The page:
Article

Purinyl-cobamide is a native prosthetic group of reductive dehalogenases

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Abstract

Cobamides such as vitamin B12 are structurally conserved, cobalt-containing tetrapyrrole biomolecules that have essential biochemical functions in all domains of life. In organohalide respiration, a vital biological process for the global cycling of natural and anthropogenic organohalogens, cobamides are the requisite prosthetic groups for carbon–halogen bond-cleaving reductive dehalogenases. This study reports the biosynthesis of a new cobamide with unsubstituted purine as the lower base and assigns unsubstituted purine a biological function by demonstrating that Coα-purinyl-cobamide (purinyl-Cba) is the native prosthetic group in catalytically active tetrachloroethene reductive dehalogenases of Desulfitobacterium hafniense. Cobamides featuring different lower bases are not functionally equivalent, and purinyl-Cba elicits different physiological responses in corrinoid-auxotrophic, organohalide-respiring bacteria. Given that cobamide-dependent enzymes catalyze key steps in essential metabolic pathways, the discovery of a novel cobamide structure and the realization that lower bases can effectively modulate enzyme activities generate opportunities to manipulate functionalities of microbiomes.

  • Compound

    Purinyl-cobamide

  • Compound

    Norpseudo-vitamin B12

  • Compound

    Benzimidazolyl-cobamide

  • Compound

    5-Methoxybenzimidazolyl-cobamide

  • Compound

    p-Cresolyl-cobamide

  • Compound

    5-Hydroxybenzimidazolyl-cobamide

  • Compound

    5-Methylbenzimidazolyl-cobamide

  • Compound

    Vitamin B12

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Acknowledgements

We thank J. Maillard, École Polytechnique Fédérale de Lausanne, France, for providing Dehalobacter restrictus strain PER-K23. We also thank R. Flick from the BioZone Mass Spectrometry facility, Toronto, for LC/MS assistance. This research was supported by a grant from the Superfund Research Program under the National Institute of Environmental Health Sciences (R01ES024294) to F.E.L., with additional support provided by the Strategic Environmental Research and Development Program (SERDP project ER-2312) to F.E.L. and by the Natural Science and Engineering Research Council of Canada (NSERC) Industrial Biocatalysis Network to E.A.E. Y. Yin acknowledges the financial support from the China-UT One-Hundred Scholars Program by the China Scholarship Council and the University of Tennessee.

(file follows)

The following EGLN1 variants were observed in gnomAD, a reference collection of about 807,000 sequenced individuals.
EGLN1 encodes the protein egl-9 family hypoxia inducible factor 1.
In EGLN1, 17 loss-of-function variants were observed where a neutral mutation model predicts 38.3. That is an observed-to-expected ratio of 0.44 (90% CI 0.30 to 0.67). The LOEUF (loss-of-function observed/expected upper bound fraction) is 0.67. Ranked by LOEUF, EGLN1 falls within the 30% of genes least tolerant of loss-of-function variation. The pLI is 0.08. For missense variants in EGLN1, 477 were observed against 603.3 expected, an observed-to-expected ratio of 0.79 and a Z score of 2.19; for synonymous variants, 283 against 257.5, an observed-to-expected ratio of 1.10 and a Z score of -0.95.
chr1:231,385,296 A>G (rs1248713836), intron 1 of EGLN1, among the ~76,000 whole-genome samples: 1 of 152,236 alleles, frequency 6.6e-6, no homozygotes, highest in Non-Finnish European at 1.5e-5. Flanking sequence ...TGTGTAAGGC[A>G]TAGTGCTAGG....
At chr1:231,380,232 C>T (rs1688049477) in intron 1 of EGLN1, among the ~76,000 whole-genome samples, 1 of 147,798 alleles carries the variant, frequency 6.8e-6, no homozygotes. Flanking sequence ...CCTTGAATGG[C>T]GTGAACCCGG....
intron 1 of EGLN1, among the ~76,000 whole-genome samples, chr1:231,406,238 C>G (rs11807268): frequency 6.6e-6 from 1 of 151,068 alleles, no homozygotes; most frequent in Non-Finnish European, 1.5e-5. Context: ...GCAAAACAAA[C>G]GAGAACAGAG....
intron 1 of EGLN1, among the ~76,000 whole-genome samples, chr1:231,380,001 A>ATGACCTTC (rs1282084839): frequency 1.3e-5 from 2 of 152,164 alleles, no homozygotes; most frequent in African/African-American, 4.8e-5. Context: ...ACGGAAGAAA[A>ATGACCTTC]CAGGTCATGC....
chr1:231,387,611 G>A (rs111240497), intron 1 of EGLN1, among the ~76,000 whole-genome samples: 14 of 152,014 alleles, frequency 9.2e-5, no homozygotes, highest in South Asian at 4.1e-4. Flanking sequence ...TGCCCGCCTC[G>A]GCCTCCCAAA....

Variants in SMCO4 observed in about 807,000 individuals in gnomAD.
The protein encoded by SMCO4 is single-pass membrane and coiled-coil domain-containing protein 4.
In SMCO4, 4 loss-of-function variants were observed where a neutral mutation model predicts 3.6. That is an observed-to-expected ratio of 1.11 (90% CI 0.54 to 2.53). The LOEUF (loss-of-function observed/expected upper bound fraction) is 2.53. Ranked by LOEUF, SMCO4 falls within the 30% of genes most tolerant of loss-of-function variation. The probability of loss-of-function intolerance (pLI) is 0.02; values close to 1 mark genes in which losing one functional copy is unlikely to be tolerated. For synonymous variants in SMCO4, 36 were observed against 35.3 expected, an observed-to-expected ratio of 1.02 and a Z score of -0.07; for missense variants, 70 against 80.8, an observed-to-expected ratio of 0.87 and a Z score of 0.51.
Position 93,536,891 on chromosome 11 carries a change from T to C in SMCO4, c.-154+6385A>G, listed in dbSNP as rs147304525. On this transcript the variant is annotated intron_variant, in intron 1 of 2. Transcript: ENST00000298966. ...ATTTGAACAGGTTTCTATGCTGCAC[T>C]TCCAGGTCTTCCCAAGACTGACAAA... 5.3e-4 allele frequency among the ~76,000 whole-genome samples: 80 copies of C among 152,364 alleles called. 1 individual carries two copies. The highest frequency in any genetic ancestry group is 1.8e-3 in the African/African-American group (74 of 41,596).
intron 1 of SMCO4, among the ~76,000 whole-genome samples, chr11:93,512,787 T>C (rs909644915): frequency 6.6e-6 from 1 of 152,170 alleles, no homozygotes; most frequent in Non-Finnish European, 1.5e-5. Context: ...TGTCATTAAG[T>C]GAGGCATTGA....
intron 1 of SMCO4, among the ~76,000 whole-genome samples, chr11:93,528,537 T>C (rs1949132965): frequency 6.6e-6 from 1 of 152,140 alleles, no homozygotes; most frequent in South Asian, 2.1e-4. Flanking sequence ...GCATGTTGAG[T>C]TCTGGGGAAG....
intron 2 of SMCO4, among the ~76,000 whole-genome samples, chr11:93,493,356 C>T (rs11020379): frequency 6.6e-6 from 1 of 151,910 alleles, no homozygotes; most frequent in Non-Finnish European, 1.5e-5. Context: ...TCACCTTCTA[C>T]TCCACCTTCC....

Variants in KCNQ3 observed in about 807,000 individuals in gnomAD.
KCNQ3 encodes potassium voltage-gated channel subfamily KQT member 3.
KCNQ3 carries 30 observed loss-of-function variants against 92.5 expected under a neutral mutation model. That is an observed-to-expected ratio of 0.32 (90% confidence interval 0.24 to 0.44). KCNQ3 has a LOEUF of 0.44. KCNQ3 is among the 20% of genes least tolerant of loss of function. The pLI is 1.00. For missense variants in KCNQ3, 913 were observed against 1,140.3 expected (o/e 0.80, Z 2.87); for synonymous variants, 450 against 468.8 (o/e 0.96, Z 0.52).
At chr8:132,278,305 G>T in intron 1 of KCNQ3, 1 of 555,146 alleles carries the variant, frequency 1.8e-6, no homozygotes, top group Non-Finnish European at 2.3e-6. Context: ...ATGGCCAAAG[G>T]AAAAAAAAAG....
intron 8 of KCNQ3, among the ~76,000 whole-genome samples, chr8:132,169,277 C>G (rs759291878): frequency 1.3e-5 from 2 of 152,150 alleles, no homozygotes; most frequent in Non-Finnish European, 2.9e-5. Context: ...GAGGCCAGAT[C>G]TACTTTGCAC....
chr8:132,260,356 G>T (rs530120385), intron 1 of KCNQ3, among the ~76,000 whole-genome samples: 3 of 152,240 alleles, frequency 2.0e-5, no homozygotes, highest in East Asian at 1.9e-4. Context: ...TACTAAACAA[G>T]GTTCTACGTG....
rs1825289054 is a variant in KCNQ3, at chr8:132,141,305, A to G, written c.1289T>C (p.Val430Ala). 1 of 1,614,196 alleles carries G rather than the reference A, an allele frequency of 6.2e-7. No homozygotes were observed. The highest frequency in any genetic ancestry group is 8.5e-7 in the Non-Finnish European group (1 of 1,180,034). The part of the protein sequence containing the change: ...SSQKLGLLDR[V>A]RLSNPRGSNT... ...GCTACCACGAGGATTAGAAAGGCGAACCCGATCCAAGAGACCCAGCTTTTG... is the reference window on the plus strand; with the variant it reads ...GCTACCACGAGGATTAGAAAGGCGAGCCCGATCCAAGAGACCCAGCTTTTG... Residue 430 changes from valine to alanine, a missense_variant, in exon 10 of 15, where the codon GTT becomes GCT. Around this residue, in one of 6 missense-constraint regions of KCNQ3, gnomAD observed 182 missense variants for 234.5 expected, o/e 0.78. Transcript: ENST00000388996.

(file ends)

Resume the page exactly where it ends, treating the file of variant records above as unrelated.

Author information

Affiliations

  1. Department of Microbiology, University of Tennessee, Knoxville, Tennessee, USA.

    • Jun Yan
    • , Meng Bi
    • , Yongchao Yin
    •  & Frank E Löffler
  2. Key Laboratory of Pollution Ecology and Environmental Engineering, Institute of Applied Ecology, Chinese Academy of Sciences, Shenyang, Liaoning, P.R. China.

    • Jun Yan
  3. Center for Environmental Biotechnology, University of Tennessee, Knoxville, Tennessee, USA.

    • Jun Yan
    • , Nannan Jiang
    • , Yi Yang
    • , Burcu Şimşir
    •  & Frank E Löffler
  4. Biosciences Division, Oak Ridge National Laboratory, Oak Ridge, Tennessee, USA.

    • Jun Yan
    • , Nannan Jiang
    •  & Frank E Löffler
  5. Joint Institute for Biological Sciences (JIBS), Oak Ridge National Laboratory, Oak Ridge, Tennessee, USA.

    • Jun Yan
    • , Nannan Jiang
    •  & Frank E Löffler
  6. Department of Chemistry, University of Tennessee, Knoxville, Tennessee, USA.

    • Allen K Bourdon
    • , Abigail T Farmer
    •  & Shawn R Campagna
  7. Department of Chemical Engineering and Applied Chemistry, University of Toronto, Toronto, Ontario, Canada.

    • Po-Hsiang Wang
    • , Olivia Molenda
    • , Andrew T Quaile
    •  & Elizabeth A Edwards
  8. Bredesen Center for Interdisciplinary Research and Graduate Education, University of Tennessee, Knoxville, Tennessee, USA.

    • Nannan Jiang
    •  & Frank E Löffler
  9. Department of Civil and Environmental Engineering, University of Tennessee, Knoxville, Tennessee, USA.

    • Yi Yang
    • , Burcu Şimşir
    •  & Frank E Löffler
  10. Department of Biosystems Engineering and Soil Science, University of Tennessee, Knoxville, Tennessee, USA..

    • Frank E Löffler

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Contributions

F.E.L., J.Y., and S.R.C. conceptualized the research and designed experiments. J.Y., M.B., B.S., Y. Yang, and Y. Yin performed cultivation work, corrinoid extraction and purification, and phylogenetic analyses. A.K.B. and A.T.F. performed LC–MS and structural analyses. P.W., O.M. and A.T.Q. performed BN–PAGE, enzyme assays, and proteomic analysis. N.J. generated cobT expression clones. All authors contributed to data analysis and interpretation, and J.Y., S.R.C., E.A.E., and F.E.L. wrote the manuscript.

Competing interests

The authors declare no competing financial interests.

Corresponding authors

Correspondence to Jun Yan or Frank E Löffler.

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    Supplementary Results, Supplementary Tables 1–5, Supplementary Figures 1–9

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